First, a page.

He was a good writer, and could create some memorable turns-of-phrase, as when he wrote that some Kremlin big-shot had suffered a "9mm brain hemorrhage".

RIP, Mr. Clancy.

stari_momak said...

"Did he ever write about the demographic suicide of Baltimore?

Or about The Wire?

Or about demographics in general?

Military hardware is just sooooo mid-20th century."

The guy was born in 1947 for god's sake. Cut him some slack.

solus said...

Th present day Russia is Octoberfest.

Anononymous said...

Idiotic idea that a Communist 1985 Soviet Union could make something so technologically advanced that we would be interested in seeing it. Ditto with Firefox. Just another intellectual using the media to put communism in a more flattering light.

Cail Corishev said...

"I'll never understand why [Tim] Curry didn't become a big star."

Maybe because he's kind of a freak. I've always liked him too -- Clue is a favorite of mine -- but have you heard his music? I'd guess most people have never stopped seeing him as Dr. Frank, so the only roles they can imagine him in are ones that are too weird for anyone else. Judging by the sense of humor that comes through his music, he may have liked it that way.

bluto said...

Anon@9:12
My favorite of his books was set in the seedy underbelly of Baltimore and featured drug dealers and a guy who Omar could have been based on (except he was on a mission).

Veracitor said...

Anonymous said...
As for the movie version of Hunt, let's not forget Tim Curry as the doctor. I'll never understand why Curry didn't become a big star.


"Are you serious? He looks creepy as hell. He's way too creepy to be a star."

Looking creepy didn't stop Jack Nicholson or Ned Beatty.

Anonymous said...

Idiotic idea that a Communist 1985 Soviet Union could make something so technologically advanced that we would be interested in seeing it. Ditto with Firefox. Just another intellectual using the media to put communism in a more flattering light.

Im not quite sure if you're joking.

The USSR lagged the west in military hardware generally. But not in every case. I remember the MiG-25 Foxbat causing a bit of a stir when it appeared (thats the real world inspiration behind the fictional Firefox)

The USSR seemed to have the ability to build build bigger, better helicopters with high power-to-weight ratios.

Plus the rationale for grabbing the latest Soviet sub isnt that it might be more advanced, its needing to know whether its an equal or just how far behind it is.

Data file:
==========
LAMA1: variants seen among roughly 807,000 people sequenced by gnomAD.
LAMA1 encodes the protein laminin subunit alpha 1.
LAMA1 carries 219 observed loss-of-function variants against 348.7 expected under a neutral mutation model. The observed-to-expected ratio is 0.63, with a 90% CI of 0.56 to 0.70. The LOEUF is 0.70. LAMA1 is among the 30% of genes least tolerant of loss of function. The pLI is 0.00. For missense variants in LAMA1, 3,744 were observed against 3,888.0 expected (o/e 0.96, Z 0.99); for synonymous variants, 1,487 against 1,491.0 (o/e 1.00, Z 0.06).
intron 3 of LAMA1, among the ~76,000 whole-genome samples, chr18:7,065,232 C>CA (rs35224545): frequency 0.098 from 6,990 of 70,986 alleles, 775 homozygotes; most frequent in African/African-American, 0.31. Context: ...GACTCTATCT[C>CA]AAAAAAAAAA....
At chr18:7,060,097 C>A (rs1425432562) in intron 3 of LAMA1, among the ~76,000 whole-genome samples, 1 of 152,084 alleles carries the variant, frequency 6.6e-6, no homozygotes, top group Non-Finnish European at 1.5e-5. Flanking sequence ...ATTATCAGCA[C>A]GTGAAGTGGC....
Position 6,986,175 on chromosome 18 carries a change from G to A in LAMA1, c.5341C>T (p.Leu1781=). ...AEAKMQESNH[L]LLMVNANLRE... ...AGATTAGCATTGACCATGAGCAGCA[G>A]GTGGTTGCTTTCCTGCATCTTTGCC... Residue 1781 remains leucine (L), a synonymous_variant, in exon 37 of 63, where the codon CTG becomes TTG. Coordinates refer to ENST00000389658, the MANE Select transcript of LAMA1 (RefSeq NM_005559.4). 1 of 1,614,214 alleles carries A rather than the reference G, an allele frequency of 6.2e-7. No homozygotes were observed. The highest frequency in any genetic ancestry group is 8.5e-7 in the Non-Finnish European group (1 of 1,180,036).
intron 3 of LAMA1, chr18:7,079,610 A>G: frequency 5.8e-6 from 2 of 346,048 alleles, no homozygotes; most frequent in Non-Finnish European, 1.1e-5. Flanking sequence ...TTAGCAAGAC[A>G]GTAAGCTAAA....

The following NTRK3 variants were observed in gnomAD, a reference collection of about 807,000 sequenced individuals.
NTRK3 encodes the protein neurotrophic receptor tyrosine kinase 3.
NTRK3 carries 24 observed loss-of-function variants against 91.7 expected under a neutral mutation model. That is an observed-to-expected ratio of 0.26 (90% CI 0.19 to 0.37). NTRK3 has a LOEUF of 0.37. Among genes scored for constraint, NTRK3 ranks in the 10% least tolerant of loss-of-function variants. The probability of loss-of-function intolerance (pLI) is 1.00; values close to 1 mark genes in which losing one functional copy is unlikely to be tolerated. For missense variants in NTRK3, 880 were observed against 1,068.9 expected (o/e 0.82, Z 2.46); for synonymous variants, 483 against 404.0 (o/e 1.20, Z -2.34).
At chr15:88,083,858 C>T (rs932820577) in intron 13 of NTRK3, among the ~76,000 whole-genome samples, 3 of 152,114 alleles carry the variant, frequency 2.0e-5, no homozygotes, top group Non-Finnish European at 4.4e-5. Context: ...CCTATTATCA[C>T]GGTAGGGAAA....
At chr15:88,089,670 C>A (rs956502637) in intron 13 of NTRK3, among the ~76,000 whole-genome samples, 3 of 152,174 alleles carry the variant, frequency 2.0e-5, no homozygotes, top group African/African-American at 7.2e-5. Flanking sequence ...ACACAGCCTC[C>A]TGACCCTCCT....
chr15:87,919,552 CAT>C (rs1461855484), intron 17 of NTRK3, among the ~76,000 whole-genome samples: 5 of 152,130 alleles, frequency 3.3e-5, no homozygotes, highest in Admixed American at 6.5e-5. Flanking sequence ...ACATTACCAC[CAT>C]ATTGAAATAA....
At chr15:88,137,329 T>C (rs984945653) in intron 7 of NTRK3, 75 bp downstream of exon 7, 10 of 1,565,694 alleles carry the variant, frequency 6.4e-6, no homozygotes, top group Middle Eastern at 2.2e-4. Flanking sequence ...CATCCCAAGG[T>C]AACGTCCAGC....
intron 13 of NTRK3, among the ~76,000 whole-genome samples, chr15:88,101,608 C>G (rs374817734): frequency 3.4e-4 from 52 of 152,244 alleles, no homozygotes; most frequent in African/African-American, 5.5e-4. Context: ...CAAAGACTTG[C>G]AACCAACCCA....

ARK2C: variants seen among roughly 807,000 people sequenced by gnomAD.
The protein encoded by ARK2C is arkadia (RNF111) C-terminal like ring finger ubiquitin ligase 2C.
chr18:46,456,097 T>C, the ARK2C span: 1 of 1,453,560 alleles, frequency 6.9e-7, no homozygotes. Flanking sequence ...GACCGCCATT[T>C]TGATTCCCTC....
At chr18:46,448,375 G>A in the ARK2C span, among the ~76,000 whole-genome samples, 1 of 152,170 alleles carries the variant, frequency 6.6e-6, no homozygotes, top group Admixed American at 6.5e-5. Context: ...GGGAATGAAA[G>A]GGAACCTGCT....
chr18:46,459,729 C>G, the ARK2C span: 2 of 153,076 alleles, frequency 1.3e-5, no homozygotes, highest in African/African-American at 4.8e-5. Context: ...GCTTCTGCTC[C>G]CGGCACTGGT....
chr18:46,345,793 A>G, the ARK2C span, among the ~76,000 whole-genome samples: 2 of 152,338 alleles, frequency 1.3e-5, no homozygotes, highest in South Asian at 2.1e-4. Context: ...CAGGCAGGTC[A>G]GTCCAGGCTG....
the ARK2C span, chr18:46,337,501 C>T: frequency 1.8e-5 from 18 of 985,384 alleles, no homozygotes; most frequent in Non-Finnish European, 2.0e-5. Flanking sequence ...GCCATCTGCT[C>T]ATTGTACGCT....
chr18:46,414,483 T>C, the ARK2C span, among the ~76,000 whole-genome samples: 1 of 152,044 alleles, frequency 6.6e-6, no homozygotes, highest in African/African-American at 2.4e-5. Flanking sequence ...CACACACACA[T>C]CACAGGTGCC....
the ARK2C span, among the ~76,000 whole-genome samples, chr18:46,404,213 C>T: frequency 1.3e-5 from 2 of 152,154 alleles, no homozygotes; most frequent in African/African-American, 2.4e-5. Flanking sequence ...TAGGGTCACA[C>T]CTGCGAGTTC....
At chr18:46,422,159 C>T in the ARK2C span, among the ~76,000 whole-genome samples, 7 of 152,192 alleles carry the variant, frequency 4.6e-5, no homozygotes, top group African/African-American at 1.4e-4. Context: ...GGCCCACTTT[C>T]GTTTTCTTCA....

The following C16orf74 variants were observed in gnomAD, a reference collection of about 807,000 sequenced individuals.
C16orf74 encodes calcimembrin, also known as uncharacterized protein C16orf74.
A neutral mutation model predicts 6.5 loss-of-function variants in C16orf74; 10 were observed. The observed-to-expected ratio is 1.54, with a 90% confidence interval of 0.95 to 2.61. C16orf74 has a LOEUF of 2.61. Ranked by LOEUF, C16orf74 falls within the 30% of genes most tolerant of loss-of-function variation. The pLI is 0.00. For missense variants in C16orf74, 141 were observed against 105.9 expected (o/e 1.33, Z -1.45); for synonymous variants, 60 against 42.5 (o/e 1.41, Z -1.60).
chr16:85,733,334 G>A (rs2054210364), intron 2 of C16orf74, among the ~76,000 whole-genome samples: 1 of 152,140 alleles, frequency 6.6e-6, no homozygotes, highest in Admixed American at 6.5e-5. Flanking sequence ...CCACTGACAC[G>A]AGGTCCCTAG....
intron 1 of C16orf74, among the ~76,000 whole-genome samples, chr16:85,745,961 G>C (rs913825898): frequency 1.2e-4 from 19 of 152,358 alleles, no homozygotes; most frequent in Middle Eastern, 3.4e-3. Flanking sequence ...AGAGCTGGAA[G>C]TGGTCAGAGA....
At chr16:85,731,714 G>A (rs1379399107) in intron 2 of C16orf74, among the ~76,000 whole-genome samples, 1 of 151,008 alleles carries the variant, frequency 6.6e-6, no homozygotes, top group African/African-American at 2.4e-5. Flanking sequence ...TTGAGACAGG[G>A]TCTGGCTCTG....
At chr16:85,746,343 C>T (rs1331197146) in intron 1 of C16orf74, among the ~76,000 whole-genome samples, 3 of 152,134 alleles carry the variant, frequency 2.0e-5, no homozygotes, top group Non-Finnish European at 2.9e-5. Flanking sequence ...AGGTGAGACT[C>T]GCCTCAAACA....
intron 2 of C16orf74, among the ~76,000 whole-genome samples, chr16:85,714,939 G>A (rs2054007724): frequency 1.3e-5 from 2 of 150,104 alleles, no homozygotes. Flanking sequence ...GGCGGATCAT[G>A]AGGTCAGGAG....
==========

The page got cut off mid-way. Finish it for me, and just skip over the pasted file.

The US military certainly did its best to acquire assorted Soviet aircraft and military vehicles right to the end of the Cold War. Not to uncover some mysterious Soviet technical lead.

Anonymous said...

Idiotic idea that a Communist 1985 Soviet Union could make something so technologically advanced that we would be interested in seeing it. Ditto with Firefox. Just another intellectual using the media to put communism in a more flattering light.

10/3/13, 4:56 AM


Back in those days, the pages of Commentary and The National Review were full of dire warnings about the Soviet wunderwaffen.

As Fred Reed describes it:

The Soviets too had magical powers, said the PTMs. They were stealing our secrets. They were rapidly catching up with the US in all technologies, and actually ahead in the crucial ones. Their weapons coming off the assembly lines were better than ours, shrieeeek! Their tanks were robust, deadly, and practical, not high-tech gizmos like ours.

This was all classic threat inflation, like the people today who will, with a straight face, claim that Iran is a "potential superpower."

The idea that a rock-hard Republican like Tom Clancy was trying to make Communism look good is beyond ridiculous. (And yes, I know Hollywood adapted his book, but he kept a lot of creative control.)

-Someone old enough to remember the 80s

Anononymous said...

If there was such a thing as a caterpillar drive, it would have been invented in a non-Communist country, be in service in western submarines for a decade before a Russian submarine would use it. It would not be used in a Russian submarine until sympathetic traitors give them the technology. Then the Russians would then make a crappy imitation.

The real mig-25 electronics used vacuum tubes (but hey, all the better to withstand EMP). The temperatures at high speed were too high for aluminum, and they couldn't steal our heat resistant technology (not yet), so heavy steel was used, limiting its range.

So basically, an airplane made of steel, with vacuum tube electronics. The movie gave it a significant upgrade.

But if you believe in progress, Communism is the apex point, higher above us as we higher above medieval Europe. Free health care, no racism, universal education, separation-of-church-and-state etc. Surely, such a society must have a more advanced military than (relatively) regressive society such as ours.

Anonymous said...

They did the same thing to the movie Brazil when it was shown on Canadian TV. He got away with the girl and never woke up in the dentist's chair

Craig said...

I both read and watched The Hunt for Red October, and even though I'm a massive sub movie fan I have to admit I preferred the book. Loosing the talent that was Tom Clancy is a great loss.